Jun 14 • The secret screen life of Being Frank star Jim Gaffigan Did you play with a lot of tech when you were a kid? What was your first computer? Scott: You know, my dad and my brother had the very first Apple II and then the Apple IIe, and then the very first Macintosh, which we still have. I don’t even know if it turns on anymore. I think it does. My brother is still in computers. He’s a designer — a programmer — but I was never adept with computers on the level that my father and my brother were. But they were always around, and we would go to … what is the Apple convention up in the Bay Area? I think AirPods are a real game-changer. I just love that they’ve kind of subtly changed my life in a weird way. Aug 12 • Sterling K. Brown on voicing a not-always-perfect pig Talking with Chewbacca Post a comment With the entire series in front of you to discover and being a kid, it really expanded my imagination and was influential on my taste for stories and movies and what I found interesting. So I jumped at the chance to be in The Twilight Zone. You play Ed Mackenzie on Big Little Lies. Season 1 is over, and I know you’re doing season 2. What’s the best thing about working on Big Little Lies? Scott: The cast, the writing and directing. And season 2 is going to be really fun for people. It’s really juicy. Anything else you can say? Scott: I can’t. Scott: “Meeting Mark Hamill was all I wanted as a kid.” Mark Mann You sure? Scott: A hook will come down and pick me up and you’ll never see me again. You also play a demon, named Trevor, on The Good Place. Did you pick that name? Scott: No, no. Mike Schur, who created the show, I believe picked Trevor. If Michael, the Ted Danson character who designed the Good Place, were to design a personal hell just for you, what would it be? Scott: Personal hell built just for me? There would be really loud afternoon TV advertisements playing at all times. Like for insurance, for injury law. It seems like it’s all life insurance, injury law and medications that play during the day, blaring at all times. It would be really hot. There would be no AC. And all the clothing would be really tight and uncomfortable. Now playing: Watch this: Adam Scott is a quiet standout Amazon Tags reading • Big Little Lies’ Adam Scott: Making a scene Apple $144 2:45 See it Aug 28 • In pursuit of perfect ice Mentioned Above Apple AirPods 2019 (Charging Case) TV and Movies See It See It Share your voice Apple Aug 12 • Sterling K. Brown: ‘Acting is about reconnecting with a sense of play’ See It 0 Kristen Bell was hosting Jimmy Kimmel’s show and surprised you with a visit from Mark Hamill, whom you once invited to your birthday party when you were a kid. Your face is like the kid who got every birthday wish in their entire life. What was that like? Scott: It was really weird because it was obviously being televised — and to be thrown off guard and surprised like that on camera, with an audience, is very strange and felt Truman Show-y. But really cool. I mean, meeting Mark Hamill was all I wanted as a kid, so it was obviously a big deal. Really cool. He gave you a lightsaber. Scott: He did, yeah. You still have it? Scott: Yeah, it’s cool. You’re in a classic episode of the new remake of The Twilight Zone. Why did you want to do it? Scott: I’m in Nightmare at 30,000 Feet, which is a remake of Nightmare at 20,000 Feet. William Shatner did it in the original series and then John Lithgow did it in Twilight Zone: The Movie in the early ’80s, both of which I’ve seen dozens of times. When we got the script for the new series of The Twilight Zone, I think I said yes before I even read it, which is not what you’re supposed to do. But The Twilight Zone is my favorite show ever. I used to stay up every night because they would play reruns at 11 p.m. every night. I had a 5-inch black-and-white TV in my bedroom. It was the only TV in the house, and I would keep the volume low so my mom wouldn’t know and just watch Twilight Zone every single night. See All Macworld Expo. Scott: We must have gone to that. I kind of grew up watching that evolve, watching Apple grow as a company. I still love their gear, and their gadgets are beautiful and intuitive. So you’re an iPhone user? Scott: Yeah. And I think AirPods are a real game-changer. I just love that they’ve kind of subtly changed my life in a weird way. It keeps you connected, which is both good or bad. It makes being connected effortless. You can stay connected to an audiobook or a podcast or music or whatever it is. It just makes it all easier. I mean, we’ve had headphones and earbuds for years. But these — it’s a brilliant design. I have other Bluetooth headphones from other companies, and none of them are as intuitive as the AirPods, which just blend in with your body. This is all sounding very sci-fi, but it really is a brilliant design. It feels like it’s part of you, in a weird way. I’ve found them to be my favorite Apple product in a long time. Scott had fun playing with this interactive Chewbacca doll. Hasbro Because of that seamlessness? Scott: Yeah, ease of control too. It’s really simple just to double tap. I really love it. I’ve had the Apple Watch now for a few months, and I’m starting to feel the benefits of it. And now I feel weird without it (gesturing to his bare wrist). But the AirPods are … a really simple step up in tech. Some people think they look kind of geeky. They certainly make a statement about who you are when you wear them walking down the street. Scott: So people think they’re too geeky? Because they’re bright white? But that’s good branding. If they’re invisible, then I don’t know. I think they look cool. I think they look beautiful. But I would be anxious to get black ones if they came out with those. That’s a cool idea. You’re not only an actor, you also produce. Are you at all looking at the world of virtual reality or augmented reality? Scott: Not yet. But I think it’s inevitable that everyone will. It seems like things are heading in that direction. But we’ve so far fallen short of integrating it into everyday life and into home entertainment on a grand scale. I’m not sure exactly what it is that’s holding it back from becoming something that everyone kind of just grabs when they’re ready to consume entertainment at home. You guys probably have a better handle on why it hasn’t. Maybe the ultimate set hasn’t landed yet. Yes, some headsets are heavy, uncomfortable. Some people get nauseous, so throwing up kind of gets in the way. Scott: Not the funnest part of being entertained. But I’ve experienced it a few times, and it’s extraordinary. I think it’s just a matter of finding the wearable tech that’s seamless and comfortable, right? That’s the biggest hurdle, I would imagine. Do you have a smart home? Are you into any smart home gear? Scott: I mean, here and there. We haven’t fully jumped into that, mostly because I always feel a little reticent. You always feel like if you commit to something, it’s going to change. And I don’t mind turning on a light switch. We have a [smart] thermostat, and it’s really handy. But I don’t need the entire home to be a smart home — at least not yet. In an episode of the Twilight Zone reboot, Scott plays a nervous passenger who’s convinced his flight is about to crash. Robert Falconer/CBS © 2018 CBS Interactive Self-driving cars: Good idea or bad? Scott: I think they’re a good idea. It’s an exciting idea. And I think in a few years it won’t be dangerous anymore. It’s probably safer than a human driving a car right now. It’s where we’re headed. Whether it’s safe or not, that’s where it’s all going. What tech do you wish had never been invented? Scott: That’s a really good question, but I don’t know. How about tech you’d like to see invented just for you that you haven’t seen? Scott: I still feel like they haven’t perfected the pillow. Because even some of the memory foam ones, they’re — it’s great, but then it’s not. It’s too hot. I feel like the pillow has a way to go, and I’m willing and able to wait, but excited to find the perfect pillow. Best Buy Now playing: Watch this: CNET Magazine It’s easy to see why Adam Scott is often cast as the approachable everyman. He’s pretty low-key in person, with a deadpan delivery that prompts double takes. It’s a persona he’s been able to transform into notable characters he once described as “befuddled beta males.” On NBC’s Parks and Recreation, he embodied Ben Wyatt, a calzone-loving state auditor who dresses up as Batman and owns his encyclopedic knowledge of Star Wars, Lord of the Rings, Star Trek and Game of Thrones. In HBO’s drama series Big Little Lies, he plays Ed Mackenzie, the beleaguered second husband of main character Madeline (Reese Witherspoon), and shows he can stand up to his alpha wife: “Look, I may not be the good-looking adventure ride, OK? But there is something to be said for being there, for being truthful, for being somebody you can steadfastly count on. I will not be anybody’s runner-up.” He’ll return for season 2 of Big Little Lies on June 9 (read our review here). In Jordan Peele’s reboot of the classic sci-fi series The Twilight Zone, which debuted in April on CBS All Access, Scott takes a lead role. (Editors’ note: CBS operates CBS All Access and owns CNET.) He plays a reporter with PTSD who boards a plane and finds an old MP3 player in the seat pocket in front of him. It plays a podcast, which seems to be from the future, about the mystery of the tragic flight he’s on, transforming him into the weirdo who no one will believe is trying to save them from disaster. But right now, Scott has us all smiling. We’ve surprised him with Star Wars collectibles — he’s a huge fan of the sci-fi epic — and he riffs about the interactive Chewbacca doll and talking Yoda mask. Adam Scott: “I’ve just always been a Star Wars fan.” Mark Mann “I feel like everyone in this room was transported to Yoda’s home planet just for a second,” he tells us after trying on the mask. “Don’t worry guys, it’s just me. It’s just a mask. I put a mask on. Everyone relax.” By the time he describes his own personal hell — a nod to his role as Trevor, a rude (but funny) demon, on the NBC comedy series The Good Place — we’re laughing out loud. “Personal hell built just for me? There would be really loud afternoon TV advertisements playing at all times. Like for insurance, for injury law,” he says during our CNET Magazine cover shoot in Los Angeles. “It would be really hot. There would be no AC. And all the clothing would be really tight and uncomfortable.” See more great stories from CNET Magazine. Mark Mann Scott also talked about staying up late watching reruns of The Twilight Zone on his family’s black-and-white TV when he was a kid, how his Apple AirPod wireless headphones have changed his life, and why he thinks there’s an opportunity for someone to reinvent the pillow. Here’s an edited transcript of our conversation. Q: You’re a big Star Wars fan. What’s the appeal? Scott: I guess anyone under the age of 75 is probably a Star Wars fan. It’s been around for so long now. I clearly remember The Empire Strikes Back and Return of the Jedi when I was in elementary school, so I really grew up with them. My friends and I were all about Star Wars. It was kind of a rite of passage to collect the figures and make your own lightsabers. I’ve just always been a Star Wars fan. I think I said yes before I even read it, which is not what you’re supposed to do. But The Twilight Zone is my favorite show ever. • $144 3:04 $159 CNET may get a commission from retail offers. Apple AirPods 2019 Review • AirPods 2019 review: King of truly wireless earphones crowned with small enhancements $144 CNET Magazine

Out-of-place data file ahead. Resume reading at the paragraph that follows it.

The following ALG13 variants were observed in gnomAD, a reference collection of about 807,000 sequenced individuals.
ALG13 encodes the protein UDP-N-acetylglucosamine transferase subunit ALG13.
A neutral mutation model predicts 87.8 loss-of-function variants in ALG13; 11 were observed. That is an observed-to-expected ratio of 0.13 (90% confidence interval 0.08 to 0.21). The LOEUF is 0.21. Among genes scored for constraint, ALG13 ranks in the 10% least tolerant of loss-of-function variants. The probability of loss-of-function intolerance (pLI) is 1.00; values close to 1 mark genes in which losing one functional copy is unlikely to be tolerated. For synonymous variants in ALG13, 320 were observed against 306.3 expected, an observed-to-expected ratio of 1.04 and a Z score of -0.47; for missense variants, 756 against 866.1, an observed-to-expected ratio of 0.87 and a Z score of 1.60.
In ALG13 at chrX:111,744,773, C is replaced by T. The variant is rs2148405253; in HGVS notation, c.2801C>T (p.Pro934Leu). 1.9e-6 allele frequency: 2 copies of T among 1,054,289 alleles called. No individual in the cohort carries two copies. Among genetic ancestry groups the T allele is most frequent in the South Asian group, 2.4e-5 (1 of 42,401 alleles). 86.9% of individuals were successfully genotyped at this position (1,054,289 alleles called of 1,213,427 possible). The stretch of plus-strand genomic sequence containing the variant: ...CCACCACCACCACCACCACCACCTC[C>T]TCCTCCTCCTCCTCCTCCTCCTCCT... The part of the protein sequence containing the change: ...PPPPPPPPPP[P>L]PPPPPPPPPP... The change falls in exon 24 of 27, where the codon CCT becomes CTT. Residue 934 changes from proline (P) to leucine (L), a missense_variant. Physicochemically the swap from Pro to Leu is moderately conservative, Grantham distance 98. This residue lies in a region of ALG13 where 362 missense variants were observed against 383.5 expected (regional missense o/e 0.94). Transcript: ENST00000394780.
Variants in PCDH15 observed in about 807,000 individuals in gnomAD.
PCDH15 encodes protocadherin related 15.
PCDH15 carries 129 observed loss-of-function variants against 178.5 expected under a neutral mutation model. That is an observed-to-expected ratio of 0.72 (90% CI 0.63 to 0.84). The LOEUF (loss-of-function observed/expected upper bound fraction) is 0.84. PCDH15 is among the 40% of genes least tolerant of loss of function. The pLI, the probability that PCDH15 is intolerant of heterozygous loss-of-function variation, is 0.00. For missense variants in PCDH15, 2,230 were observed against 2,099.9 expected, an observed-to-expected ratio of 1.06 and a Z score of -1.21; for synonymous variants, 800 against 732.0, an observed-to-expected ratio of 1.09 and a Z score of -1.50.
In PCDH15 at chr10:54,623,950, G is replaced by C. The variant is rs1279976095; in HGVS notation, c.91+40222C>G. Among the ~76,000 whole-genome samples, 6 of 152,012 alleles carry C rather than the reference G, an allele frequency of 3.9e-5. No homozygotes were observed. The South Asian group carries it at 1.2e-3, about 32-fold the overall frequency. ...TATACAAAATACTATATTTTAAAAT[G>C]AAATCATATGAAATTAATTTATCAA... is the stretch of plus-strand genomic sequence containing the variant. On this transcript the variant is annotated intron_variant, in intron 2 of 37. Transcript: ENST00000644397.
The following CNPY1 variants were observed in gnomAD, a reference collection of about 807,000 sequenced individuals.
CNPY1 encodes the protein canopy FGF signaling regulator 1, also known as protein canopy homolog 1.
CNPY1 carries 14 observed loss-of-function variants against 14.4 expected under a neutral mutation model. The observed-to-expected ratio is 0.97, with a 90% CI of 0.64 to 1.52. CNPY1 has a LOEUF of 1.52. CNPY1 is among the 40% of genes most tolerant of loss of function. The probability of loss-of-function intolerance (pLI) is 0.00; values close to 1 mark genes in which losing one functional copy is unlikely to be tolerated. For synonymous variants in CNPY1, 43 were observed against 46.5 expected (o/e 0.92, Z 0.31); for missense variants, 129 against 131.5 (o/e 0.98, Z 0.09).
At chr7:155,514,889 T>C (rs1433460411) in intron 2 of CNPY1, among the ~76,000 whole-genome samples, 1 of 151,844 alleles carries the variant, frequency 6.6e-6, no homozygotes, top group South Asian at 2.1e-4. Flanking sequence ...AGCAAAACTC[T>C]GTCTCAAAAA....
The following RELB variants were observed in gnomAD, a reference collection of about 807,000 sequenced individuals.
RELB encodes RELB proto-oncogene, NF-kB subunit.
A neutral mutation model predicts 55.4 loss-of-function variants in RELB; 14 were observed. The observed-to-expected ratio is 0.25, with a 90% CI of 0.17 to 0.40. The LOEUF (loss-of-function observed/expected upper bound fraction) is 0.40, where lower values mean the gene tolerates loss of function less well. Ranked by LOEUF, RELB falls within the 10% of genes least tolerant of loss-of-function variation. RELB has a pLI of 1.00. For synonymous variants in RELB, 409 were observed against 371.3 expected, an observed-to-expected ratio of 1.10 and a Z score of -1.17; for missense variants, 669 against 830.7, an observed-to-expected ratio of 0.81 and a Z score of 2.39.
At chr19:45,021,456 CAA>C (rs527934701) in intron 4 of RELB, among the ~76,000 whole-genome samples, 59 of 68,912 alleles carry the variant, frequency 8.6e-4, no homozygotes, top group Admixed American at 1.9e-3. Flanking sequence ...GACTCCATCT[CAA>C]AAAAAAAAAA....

Tags Tech Industry Car Tech Mobile Apps Roadshow Elon Musk Tesla Share your voice 0 Post a comment Tesla leaks are reportedly leading to employees being barred from using Blind. Nick Miotke/Roadshow Tesla has blocked employees from using anonymous workplace social network app Blind following leaks about the company, Blind has confirmed.Blind has said Tesla is blocking verification emails from its employees’ addresses so they can’t validate their accounts. “We first found out about this issue through emails from Tesla employees who were trying to sign up on Blind but were not receiving verification emails from us,” Curie Kim from Blind told CNET in an email Tuesday afternoon. “We looked into the verification rates for Tesla and there was a surge in verification failure on our end starting on May 4th, 2019.” “From these facts, we can confirm that Tesla is preventing employees from accessing Blind,” Kim said. She explained it was similar to when Uber blocked Blind usage by employees back in 2017 after whistleblower Susan Fowler spoke up about the Uber working climate. Kim said more employees from more than 40,000 companies are using Blind, including 55,000 Microsoft staffers, 38,000 from Amazon, 16,000 from Google, 13,000 from Facebook, 11,000 from Uber and 10,000 from Apple. “Tesla is the only company that is blocking its own employees from accessing or signing up on Blind,” she said. As spotted earlier by Verdict, a Tesla employee had posted publicly on Blind in May about being unable to use the app. “Why is Tesla opposed to their employees using Blind? We can’t access the app on the company network,” the post says. “Have to use phone data instead. And it seems they’re blocking emails from Blind too. I told a couple of co-workers about the app but they haven’t been able to receive a verification code to complete the sign-up process!” Variety said Tesla staff are also unable to use Blind via Tesla’s Wi-Fi network. Blind requires users to verify their account with a company email address but then keeps their identity anonymous in order to give “an equitable voice to everyone.” “Through anonymity and community, we aim to flatten corporate hierarchy and remove professional barriers in order to initiate open conversations and create transparency,” Blind says. The app features multiple channels for users: topics channels, private company channels, Tech Lounge and Startup Lounge. Tesla didn’t immediately respond to a request for comment. Tesla CEO Elon Musk has meanwhile been trying to psyche his employees up to hit delivery targets, reportedly sending out an email last week top push hard while demand is high. Reports say Tesla’s current quarter could eclipse its 90,700 deliveries record. Originally published June 4, 2:18 p.m. PT. Update, 3:49 p.m.: Adds confirmation from Blind.